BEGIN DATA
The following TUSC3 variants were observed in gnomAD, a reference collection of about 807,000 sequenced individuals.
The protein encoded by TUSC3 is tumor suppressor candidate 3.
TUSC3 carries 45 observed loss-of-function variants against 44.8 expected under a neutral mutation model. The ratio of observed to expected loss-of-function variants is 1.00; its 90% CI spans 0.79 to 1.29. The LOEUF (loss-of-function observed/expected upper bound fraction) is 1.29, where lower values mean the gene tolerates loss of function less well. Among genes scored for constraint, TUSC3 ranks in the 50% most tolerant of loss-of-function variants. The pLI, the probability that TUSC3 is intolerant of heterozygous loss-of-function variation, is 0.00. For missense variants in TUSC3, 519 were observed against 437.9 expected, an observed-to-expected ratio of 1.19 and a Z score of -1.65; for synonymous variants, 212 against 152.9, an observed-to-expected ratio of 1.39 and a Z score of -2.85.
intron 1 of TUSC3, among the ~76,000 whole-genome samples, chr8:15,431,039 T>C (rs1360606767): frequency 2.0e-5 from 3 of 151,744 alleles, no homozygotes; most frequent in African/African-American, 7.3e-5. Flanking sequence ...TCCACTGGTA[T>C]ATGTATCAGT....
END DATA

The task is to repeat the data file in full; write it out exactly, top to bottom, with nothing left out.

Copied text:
The following TUSC3 variants were observed in gnomAD, a reference collection of about 807,000 sequenced individuals.
The protein encoded by TUSC3 is tumor suppressor candidate 3.
TUSC3 carries 45 observed loss-of-function variants against 44.8 expected under a neutral mutation model. The ratio of observed to expected loss-of-function variants is 1.00; its 90% CI spans 0.79 to 1.29. The LOEUF (loss-of-function observed/expected upper bound fraction) is 1.29, where lower values mean the gene tolerates loss of function less well. Among genes scored for constraint, TUSC3 ranks in the 50% most tolerant of loss-of-function variants. The pLI, the probability that TUSC3 is intolerant of heterozygous loss-of-function variation, is 0.00. For missense variants in TUSC3, 519 were observed against 437.9 expected, an observed-to-expected ratio of 1.19 and a Z score of -1.65; for synonymous variants, 212 against 152.9, an observed-to-expected ratio of 1.39 and a Z score of -2.85.
intron 1 of TUSC3, among the ~76,000 whole-genome samples, chr8:15,431,039 T>C (rs1360606767): frequency 2.0e-5 from 3 of 151,744 alleles, no homozygotes; most frequent in African/African-American, 7.3e-5. Flanking sequence ...TCCACTGGTA[T>C]ATGTATCAGT....